YouTube-MP3 agrees to shutter

October 2017

Internet, recorded music


YouTube-mp3 has agreed to shut down and hand its domain(s) over to the Recording Industry Association of America (RIAA). With millions of visitors each day, the ‘steam ripping’ was one of the most visited websites on the Internet. 

Last year, the Germany-based YouTube to MP3 converter website was sued by the RIAA for copyright infringing their rights.  It had also been sued by the record industry in its home country in 2013. Now in an agreed settlement, YouTube-MP3 will shut down indefinitely. The BPI (British Recorded Music Industry) and the IFPI (International Federation of the Phonographic Industry) were also parties to the action, which accused the site of not only copyright infringement, but also circumventing YouTube’s copy protection mechanism, and violating the USA’s Digital Millennium Copyright Act. A report earlier this year by the UK’s Intellectual Property Office and PRS For Music said that stream ripping was now the “most prevalent and fastest growing form of music piracy”. According to an IFPI  report published last year, the site has been reportedly attracting more than 60 million monthly visitors. In the same report, it was mentioned that 50 percent of the 16 to 24-year-old survey respondents used stream ripping services to download music.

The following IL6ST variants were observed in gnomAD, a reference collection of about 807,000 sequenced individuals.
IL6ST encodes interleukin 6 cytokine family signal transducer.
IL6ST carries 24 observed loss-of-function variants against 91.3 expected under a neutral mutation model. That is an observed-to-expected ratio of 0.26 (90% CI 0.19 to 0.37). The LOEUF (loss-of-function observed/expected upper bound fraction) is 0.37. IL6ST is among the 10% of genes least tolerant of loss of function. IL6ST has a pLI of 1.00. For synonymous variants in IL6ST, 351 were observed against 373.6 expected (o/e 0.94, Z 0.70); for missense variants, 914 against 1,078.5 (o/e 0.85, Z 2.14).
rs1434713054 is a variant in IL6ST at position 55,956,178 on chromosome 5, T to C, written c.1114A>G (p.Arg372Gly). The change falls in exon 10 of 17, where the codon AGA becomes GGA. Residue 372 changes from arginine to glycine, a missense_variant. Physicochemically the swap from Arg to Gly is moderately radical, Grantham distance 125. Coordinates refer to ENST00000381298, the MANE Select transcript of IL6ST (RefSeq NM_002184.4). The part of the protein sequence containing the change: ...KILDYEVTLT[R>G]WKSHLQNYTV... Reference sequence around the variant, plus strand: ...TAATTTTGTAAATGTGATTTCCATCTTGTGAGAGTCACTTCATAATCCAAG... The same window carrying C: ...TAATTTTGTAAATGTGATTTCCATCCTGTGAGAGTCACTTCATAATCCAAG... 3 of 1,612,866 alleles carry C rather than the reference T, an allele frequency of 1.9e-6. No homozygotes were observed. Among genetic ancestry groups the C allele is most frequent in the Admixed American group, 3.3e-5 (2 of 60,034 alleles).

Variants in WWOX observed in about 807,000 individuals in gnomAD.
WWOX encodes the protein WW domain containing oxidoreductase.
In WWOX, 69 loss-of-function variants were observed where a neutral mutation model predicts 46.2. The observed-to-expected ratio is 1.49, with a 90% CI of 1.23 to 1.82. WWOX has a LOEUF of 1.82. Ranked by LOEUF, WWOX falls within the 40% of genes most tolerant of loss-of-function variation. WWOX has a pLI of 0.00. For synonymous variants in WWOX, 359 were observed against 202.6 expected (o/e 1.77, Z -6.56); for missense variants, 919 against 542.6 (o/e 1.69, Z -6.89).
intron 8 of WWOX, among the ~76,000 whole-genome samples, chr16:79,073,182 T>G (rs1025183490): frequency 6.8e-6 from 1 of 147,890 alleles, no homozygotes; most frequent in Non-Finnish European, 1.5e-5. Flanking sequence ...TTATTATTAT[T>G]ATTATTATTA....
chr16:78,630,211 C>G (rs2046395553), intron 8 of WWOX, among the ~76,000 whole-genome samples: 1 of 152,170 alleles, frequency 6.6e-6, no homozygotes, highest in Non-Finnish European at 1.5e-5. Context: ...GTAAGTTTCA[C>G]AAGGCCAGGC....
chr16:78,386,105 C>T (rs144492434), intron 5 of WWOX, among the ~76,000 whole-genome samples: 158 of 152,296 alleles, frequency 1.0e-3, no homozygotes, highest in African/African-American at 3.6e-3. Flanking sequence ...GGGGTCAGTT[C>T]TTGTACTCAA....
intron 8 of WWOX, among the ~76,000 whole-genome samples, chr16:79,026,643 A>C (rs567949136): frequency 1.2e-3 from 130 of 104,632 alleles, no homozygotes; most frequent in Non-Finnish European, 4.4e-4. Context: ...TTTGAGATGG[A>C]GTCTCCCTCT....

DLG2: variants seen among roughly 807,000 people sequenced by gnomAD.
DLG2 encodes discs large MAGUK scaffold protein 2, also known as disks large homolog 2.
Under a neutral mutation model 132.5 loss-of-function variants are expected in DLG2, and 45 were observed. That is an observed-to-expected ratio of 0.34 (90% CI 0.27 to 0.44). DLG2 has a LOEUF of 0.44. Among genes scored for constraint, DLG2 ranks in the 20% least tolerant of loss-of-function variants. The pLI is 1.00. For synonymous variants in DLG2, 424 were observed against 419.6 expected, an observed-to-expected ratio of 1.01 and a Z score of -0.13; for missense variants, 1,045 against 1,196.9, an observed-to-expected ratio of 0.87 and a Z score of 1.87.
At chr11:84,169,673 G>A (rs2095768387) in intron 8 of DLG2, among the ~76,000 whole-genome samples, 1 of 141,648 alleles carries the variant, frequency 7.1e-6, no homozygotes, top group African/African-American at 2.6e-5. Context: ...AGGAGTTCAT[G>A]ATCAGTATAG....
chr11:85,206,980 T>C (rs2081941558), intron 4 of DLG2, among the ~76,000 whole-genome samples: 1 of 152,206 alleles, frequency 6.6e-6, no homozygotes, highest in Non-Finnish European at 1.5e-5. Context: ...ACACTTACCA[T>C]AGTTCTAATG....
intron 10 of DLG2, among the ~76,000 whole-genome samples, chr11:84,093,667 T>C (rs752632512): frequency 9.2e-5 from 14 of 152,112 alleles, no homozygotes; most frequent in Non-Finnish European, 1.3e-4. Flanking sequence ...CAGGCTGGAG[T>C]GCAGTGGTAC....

The settlement decrees “a proposed injunction will prohibit the site’s operator from knowingly designing, developing, offering, or operating any technology or service that allows or facilitates the practice commonly known as ‘streamripping,’ or any other type of copyright infringement for that matter.” It also states that the site’s domain name would be handed over to a nominee of the labels. The site is still live at the time of writing, but trying to convert a video to a file generates an error message that reads “There is some maintenance going on. Please try again within the next hour.”


Both the RIAA and YouTube-mp3 have now confirmed to the Californian court that a settlement has been reached. Site owner Philip Matesanz has seemingly accepted the labels’ claims (about copyright infringement) and has agreed to pay undisclosed damages. and that the site will also shut down and its URL(s) passed to the RIAA. The court has also been asked to issue an injunction that will ban Matesanz from “knowingly designing, developing, offering or operating any technology or service that allows or facilitates the practice commonly known as ‘streamripping’ [and] knowingly infringing, knowingly causing to be infringed, or knowingly enabling, facilitating, encouraging, promoting, inducing or participating in the infringement of any copyright owned or controlled by the plaintiffs”. The court still needs to approve the settlement,

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